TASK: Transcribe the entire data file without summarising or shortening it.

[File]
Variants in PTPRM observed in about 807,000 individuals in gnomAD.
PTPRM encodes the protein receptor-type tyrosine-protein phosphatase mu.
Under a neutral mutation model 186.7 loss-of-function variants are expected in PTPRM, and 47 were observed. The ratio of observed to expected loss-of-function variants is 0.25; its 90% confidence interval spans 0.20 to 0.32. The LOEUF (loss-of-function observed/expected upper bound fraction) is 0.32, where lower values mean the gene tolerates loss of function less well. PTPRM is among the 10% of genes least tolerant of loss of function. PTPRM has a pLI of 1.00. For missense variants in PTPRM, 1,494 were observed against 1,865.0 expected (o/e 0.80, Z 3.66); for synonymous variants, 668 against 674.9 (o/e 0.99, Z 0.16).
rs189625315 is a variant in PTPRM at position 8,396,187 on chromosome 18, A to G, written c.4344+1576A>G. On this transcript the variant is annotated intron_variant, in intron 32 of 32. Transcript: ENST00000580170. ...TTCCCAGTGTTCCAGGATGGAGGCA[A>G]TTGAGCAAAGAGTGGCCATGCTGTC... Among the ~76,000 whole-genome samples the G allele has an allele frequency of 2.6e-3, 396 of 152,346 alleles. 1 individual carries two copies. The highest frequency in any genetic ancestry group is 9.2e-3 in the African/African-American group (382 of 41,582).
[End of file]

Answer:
Variants in PTPRM observed in about 807,000 individuals in gnomAD.
PTPRM encodes the protein receptor-type tyrosine-protein phosphatase mu.
Under a neutral mutation model 186.7 loss-of-function variants are expected in PTPRM, and 47 were observed. The ratio of observed to expected loss-of-function variants is 0.25; its 90% confidence interval spans 0.20 to 0.32. The LOEUF (loss-of-function observed/expected upper bound fraction) is 0.32, where lower values mean the gene tolerates loss of function less well. PTPRM is among the 10% of genes least tolerant of loss of function. PTPRM has a pLI of 1.00. For missense variants in PTPRM, 1,494 were observed against 1,865.0 expected (o/e 0.80, Z 3.66); for synonymous variants, 668 against 674.9 (o/e 0.99, Z 0.16).
rs189625315 is a variant in PTPRM at position 8,396,187 on chromosome 18, A to G, written c.4344+1576A>G. On this transcript the variant is annotated intron_variant, in intron 32 of 32. Transcript: ENST00000580170. ...TTCCCAGTGTTCCAGGATGGAGGCA[A>G]TTGAGCAAAGAGTGGCCATGCTGTC... Among the ~76,000 whole-genome samples the G allele has an allele frequency of 2.6e-3, 396 of 152,346 alleles. 1 individual carries two copies. The highest frequency in any genetic ancestry group is 9.2e-3 in the African/African-American group (382 of 41,582).